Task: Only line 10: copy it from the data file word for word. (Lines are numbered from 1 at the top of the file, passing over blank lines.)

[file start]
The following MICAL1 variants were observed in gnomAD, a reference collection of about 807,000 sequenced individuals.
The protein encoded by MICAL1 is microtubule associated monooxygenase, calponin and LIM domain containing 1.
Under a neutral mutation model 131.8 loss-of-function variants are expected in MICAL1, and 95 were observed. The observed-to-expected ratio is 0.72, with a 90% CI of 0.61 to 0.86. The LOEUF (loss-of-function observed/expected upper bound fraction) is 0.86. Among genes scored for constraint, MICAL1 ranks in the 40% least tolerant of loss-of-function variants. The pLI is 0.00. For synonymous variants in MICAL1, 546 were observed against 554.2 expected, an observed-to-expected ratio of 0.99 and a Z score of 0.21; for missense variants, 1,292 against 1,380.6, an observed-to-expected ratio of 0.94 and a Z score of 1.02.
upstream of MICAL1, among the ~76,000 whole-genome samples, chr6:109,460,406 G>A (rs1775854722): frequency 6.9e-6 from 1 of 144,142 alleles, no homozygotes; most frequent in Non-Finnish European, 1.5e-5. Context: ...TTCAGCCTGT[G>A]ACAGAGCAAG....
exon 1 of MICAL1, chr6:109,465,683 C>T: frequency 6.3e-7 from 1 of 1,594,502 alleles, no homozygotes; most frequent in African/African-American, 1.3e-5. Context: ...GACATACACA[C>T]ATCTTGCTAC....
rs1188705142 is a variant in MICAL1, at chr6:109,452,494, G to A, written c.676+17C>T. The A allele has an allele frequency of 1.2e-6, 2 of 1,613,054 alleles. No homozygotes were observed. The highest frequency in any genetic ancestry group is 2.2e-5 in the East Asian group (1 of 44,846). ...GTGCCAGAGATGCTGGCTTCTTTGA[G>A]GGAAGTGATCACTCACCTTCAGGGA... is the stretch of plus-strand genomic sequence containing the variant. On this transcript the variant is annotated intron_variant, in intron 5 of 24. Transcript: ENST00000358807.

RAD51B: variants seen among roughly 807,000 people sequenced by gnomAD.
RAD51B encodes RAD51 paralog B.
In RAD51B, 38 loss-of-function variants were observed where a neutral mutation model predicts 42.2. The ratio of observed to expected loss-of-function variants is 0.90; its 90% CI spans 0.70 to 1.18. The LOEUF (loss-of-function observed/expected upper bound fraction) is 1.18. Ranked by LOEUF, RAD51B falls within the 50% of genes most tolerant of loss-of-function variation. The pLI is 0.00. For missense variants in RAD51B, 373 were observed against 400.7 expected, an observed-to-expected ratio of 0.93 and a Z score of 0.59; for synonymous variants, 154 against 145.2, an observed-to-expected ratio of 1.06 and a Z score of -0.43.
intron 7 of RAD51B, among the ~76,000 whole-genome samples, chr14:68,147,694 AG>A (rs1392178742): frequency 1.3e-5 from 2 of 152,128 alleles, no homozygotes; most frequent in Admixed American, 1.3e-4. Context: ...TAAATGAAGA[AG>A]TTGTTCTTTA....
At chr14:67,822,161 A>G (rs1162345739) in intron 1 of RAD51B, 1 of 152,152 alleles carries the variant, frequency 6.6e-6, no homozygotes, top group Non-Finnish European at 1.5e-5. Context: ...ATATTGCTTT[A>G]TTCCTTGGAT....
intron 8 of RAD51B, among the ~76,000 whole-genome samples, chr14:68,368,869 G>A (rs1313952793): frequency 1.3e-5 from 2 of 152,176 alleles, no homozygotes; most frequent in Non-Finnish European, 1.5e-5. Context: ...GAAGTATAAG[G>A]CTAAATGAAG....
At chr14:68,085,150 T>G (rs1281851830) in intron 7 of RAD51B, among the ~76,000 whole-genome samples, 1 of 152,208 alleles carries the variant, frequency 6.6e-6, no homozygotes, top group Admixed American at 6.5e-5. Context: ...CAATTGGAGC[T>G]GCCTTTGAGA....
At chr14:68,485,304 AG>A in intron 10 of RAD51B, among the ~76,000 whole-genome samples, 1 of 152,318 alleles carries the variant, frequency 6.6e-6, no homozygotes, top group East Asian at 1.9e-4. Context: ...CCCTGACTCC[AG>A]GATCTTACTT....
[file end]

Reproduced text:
intron 7 of RAD51B, among the ~76,000 whole-genome samples, chr14:68,147,694 AG>A (rs1392178742): frequency 1.3e-5 from 2 of 152,128 alleles, no homozygotes; most frequent in Admixed American, 1.3e-4. Context: ...TAAATGAAGA[AG>A]TTGTTCTTTA....